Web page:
July 31, 2014

In 2012, Laura Amico got a call that changed a lot of things — her city, her work and, eventually, her future

Amico, who lived and worked in Washington, D.C., had been selected to be a Nieman-Berkman fellow at Harvard University, where she would research how the Web could be applied to criminal justice journalism. She was eager to go, but she knew moving to Cambridge for a year would mean leaving behind Homicide Watch, a project she and her husband Chris Amico created together to catalog every single homicide in the D.C. area. She didn’t want the site to wither.

“This thing that I’d built from nothing really had a place in the community,” Amico said.

Laura Amico (submitted photo)

Laura Amico (submitted photo)

She and her husband — who eventually made the move to Cambridge permanent — raised more than $47,000 on Kickstarter and were able to hire student journalists to keep the site running in their absence. The Kickstarter money ran out last year, but Homicide Watch is now supported by licensing the site’s template to other news organizations, such as the Chicago Sun-Times. Their project continued.

But earlier this month, Amico got another call that would change the fate of her bootstrapped project. The Boston Globe offered her a job as news editor in charge of multimedia and data projects. She accepted the offer and is now facing the same questions she was two years ago: with her new duties starting Aug. 20, she needs to find somebody who can take over stewardship of Homicide Watch. Her husband will assume her responsibilities for the short term, but ultimately they want to find a permanent home for the site in the D.C. area, where the site’s community is.

“It just doesn’t feel fair for us to be running it from afar in Boston,” Amico said.

She and her husband are currently in conversation with two partners who would each be good hosts for the site, but Amico declined to name them because she didn’t want to jeopardize ongoing negotiations. If they can’t find a host in the coming months, Amico says they’ll consider shutting it down.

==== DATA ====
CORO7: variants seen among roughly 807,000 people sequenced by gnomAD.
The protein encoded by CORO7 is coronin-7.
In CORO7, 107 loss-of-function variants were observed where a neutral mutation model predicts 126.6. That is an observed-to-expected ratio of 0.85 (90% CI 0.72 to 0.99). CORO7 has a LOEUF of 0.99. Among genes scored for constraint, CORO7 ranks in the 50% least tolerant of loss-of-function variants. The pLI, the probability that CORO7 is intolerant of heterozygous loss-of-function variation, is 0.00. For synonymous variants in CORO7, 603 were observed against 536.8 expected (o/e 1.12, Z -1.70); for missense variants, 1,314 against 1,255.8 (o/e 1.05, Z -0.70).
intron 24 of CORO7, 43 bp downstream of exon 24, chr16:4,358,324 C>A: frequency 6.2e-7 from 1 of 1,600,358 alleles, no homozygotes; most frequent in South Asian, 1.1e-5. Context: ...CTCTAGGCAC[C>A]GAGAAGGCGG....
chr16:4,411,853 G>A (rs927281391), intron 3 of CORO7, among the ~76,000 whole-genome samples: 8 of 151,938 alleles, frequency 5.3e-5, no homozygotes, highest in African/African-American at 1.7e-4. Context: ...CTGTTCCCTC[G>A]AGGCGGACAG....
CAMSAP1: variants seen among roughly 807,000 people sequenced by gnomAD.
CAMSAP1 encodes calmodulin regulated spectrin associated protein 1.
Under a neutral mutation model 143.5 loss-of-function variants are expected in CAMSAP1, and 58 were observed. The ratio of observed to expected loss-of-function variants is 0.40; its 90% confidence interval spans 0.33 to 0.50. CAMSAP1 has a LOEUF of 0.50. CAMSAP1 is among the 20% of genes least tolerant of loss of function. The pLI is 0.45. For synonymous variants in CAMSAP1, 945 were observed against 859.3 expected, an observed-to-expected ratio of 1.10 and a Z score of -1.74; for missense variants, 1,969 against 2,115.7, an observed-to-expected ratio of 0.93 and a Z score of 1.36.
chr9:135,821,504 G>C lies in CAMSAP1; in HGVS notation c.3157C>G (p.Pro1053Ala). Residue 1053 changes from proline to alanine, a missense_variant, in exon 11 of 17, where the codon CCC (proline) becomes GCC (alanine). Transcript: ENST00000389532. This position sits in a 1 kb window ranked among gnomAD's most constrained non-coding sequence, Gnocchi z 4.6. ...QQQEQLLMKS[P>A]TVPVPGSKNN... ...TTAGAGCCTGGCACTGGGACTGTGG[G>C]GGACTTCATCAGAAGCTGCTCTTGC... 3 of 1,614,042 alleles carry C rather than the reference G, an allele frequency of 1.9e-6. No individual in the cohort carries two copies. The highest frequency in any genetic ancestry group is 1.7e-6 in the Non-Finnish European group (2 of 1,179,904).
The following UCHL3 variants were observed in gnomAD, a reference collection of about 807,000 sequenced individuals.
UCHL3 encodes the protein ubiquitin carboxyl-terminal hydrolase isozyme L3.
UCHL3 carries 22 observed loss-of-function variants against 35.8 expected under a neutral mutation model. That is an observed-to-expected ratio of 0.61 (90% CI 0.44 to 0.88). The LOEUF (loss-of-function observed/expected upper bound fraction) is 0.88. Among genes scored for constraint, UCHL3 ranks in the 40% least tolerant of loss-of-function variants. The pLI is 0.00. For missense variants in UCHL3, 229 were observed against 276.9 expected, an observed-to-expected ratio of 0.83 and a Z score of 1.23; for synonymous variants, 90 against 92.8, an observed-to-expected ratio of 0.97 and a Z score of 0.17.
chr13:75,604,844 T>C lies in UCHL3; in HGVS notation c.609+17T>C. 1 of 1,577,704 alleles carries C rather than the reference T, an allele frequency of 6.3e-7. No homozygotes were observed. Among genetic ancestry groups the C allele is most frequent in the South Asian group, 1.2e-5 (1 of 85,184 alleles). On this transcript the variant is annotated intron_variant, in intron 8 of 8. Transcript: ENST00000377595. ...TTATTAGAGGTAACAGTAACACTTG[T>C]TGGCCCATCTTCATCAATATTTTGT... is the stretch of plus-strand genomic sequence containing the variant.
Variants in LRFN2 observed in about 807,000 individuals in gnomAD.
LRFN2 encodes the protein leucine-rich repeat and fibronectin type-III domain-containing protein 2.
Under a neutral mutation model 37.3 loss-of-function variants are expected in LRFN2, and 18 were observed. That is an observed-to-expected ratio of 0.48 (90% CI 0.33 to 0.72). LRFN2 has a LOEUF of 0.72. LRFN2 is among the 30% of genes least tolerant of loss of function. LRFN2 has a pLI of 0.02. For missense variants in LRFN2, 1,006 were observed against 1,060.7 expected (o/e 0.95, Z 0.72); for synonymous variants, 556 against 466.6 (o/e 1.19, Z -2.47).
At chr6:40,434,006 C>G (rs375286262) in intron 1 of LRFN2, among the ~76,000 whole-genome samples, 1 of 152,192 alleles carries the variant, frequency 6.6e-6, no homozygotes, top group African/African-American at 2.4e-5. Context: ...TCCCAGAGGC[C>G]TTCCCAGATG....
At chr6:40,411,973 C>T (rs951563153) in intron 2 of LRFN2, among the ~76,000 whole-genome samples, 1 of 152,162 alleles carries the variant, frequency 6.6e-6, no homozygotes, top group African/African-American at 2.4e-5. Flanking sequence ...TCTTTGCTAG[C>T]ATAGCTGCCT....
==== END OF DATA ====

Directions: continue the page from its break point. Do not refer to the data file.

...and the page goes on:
“It’s the worst-case scenario because we know it’s something that’s very important to the D.C. community,” she said.

Amico and her husband will retain the rights to license the site’s template to other news organizations.

She isn’t the first media entrepreneur to struggle with relinquishing oversight of a project. In 2008, David Cohn created Spot.Us, a crowdfunding site for journalists. When the site was acquired by American Public Media in 2011, Cohn remembers feeling excitement mixed with anxiety. He wanted the site to grow under new management, but it was difficult to sever ties and watch another organization take control.

Eventually, he came to the realization that he needed to move on and do other things — and he says Amico and her husband should do the same, even if it comes at the expense of Homicide Watch.

“Sometimes that is the best thing for people like Laura who are creatively ambitious and want to do new things,” Cohn said.

Around the time she and her husband started Homicide Watch, Amico says they were counseled to make sure they were prepared to wind their involvement in the site down. Amico didn’t have an exit strategy because the day-to-day operations of the site were fulfilling, she said. But now, as she and her husband get ready to give up control of a project they started, she’s confident that it doesn’t need them anymore. And that makes her proud, she said.

“I know that it can go on without me.”


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Benjamin Mullin is the managing editor of Poynter.org. He previously reported for Poynter as a staff writer, Google Journalism Fellow and Naughton Fellow, covering journalism…
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